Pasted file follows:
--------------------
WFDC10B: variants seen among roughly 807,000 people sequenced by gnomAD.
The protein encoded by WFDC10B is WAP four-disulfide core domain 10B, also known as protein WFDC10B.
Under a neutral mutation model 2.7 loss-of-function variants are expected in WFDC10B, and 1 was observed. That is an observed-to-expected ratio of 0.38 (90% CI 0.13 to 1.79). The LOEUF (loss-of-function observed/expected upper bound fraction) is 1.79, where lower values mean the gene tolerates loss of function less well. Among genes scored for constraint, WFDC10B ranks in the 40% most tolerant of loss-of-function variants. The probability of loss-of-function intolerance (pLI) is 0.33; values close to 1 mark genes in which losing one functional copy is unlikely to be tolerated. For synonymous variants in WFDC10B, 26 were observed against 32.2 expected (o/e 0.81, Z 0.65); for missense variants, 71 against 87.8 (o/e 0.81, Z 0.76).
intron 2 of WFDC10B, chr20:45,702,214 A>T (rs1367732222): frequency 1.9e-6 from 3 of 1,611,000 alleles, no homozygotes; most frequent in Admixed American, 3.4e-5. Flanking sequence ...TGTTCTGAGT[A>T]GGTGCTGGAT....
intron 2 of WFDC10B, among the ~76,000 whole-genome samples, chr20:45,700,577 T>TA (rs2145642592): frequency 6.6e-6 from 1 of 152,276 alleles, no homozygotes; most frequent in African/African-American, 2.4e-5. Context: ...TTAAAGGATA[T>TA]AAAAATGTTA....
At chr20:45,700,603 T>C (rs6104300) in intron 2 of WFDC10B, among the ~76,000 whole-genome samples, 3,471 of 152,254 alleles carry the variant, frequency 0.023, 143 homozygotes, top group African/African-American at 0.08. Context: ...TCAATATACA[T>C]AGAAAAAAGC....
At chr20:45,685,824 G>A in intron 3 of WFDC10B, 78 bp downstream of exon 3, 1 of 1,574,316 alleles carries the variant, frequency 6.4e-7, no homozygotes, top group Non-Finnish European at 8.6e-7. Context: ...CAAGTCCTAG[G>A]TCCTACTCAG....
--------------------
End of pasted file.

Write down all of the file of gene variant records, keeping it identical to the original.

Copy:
WFDC10B: variants seen among roughly 807,000 people sequenced by gnomAD.
The protein encoded by WFDC10B is WAP four-disulfide core domain 10B, also known as protein WFDC10B.
Under a neutral mutation model 2.7 loss-of-function variants are expected in WFDC10B, and 1 was observed. That is an observed-to-expected ratio of 0.38 (90% CI 0.13 to 1.79). The LOEUF (loss-of-function observed/expected upper bound fraction) is 1.79, where lower values mean the gene tolerates loss of function less well. Among genes scored for constraint, WFDC10B ranks in the 40% most tolerant of loss-of-function variants. The probability of loss-of-function intolerance (pLI) is 0.33; values close to 1 mark genes in which losing one functional copy is unlikely to be tolerated. For synonymous variants in WFDC10B, 26 were observed against 32.2 expected (o/e 0.81, Z 0.65); for missense variants, 71 against 87.8 (o/e 0.81, Z 0.76).
intron 2 of WFDC10B, chr20:45,702,214 A>T (rs1367732222): frequency 1.9e-6 from 3 of 1,611,000 alleles, no homozygotes; most frequent in Admixed American, 3.4e-5. Flanking sequence ...TGTTCTGAGT[A>T]GGTGCTGGAT....
intron 2 of WFDC10B, among the ~76,000 whole-genome samples, chr20:45,700,577 T>TA (rs2145642592): frequency 6.6e-6 from 1 of 152,276 alleles, no homozygotes; most frequent in African/African-American, 2.4e-5. Context: ...TTAAAGGATA[T>TA]AAAAATGTTA....
At chr20:45,700,603 T>C (rs6104300) in intron 2 of WFDC10B, among the ~76,000 whole-genome samples, 3,471 of 152,254 alleles carry the variant, frequency 0.023, 143 homozygotes, top group African/African-American at 0.08. Context: ...TCAATATACA[T>C]AGAAAAAAGC....
At chr20:45,685,824 G>A in intron 3 of WFDC10B, 78 bp downstream of exon 3, 1 of 1,574,316 alleles carries the variant, frequency 6.4e-7, no homozygotes, top group Non-Finnish European at 8.6e-7. Context: ...CAAGTCCTAG[G>A]TCCTACTCAG....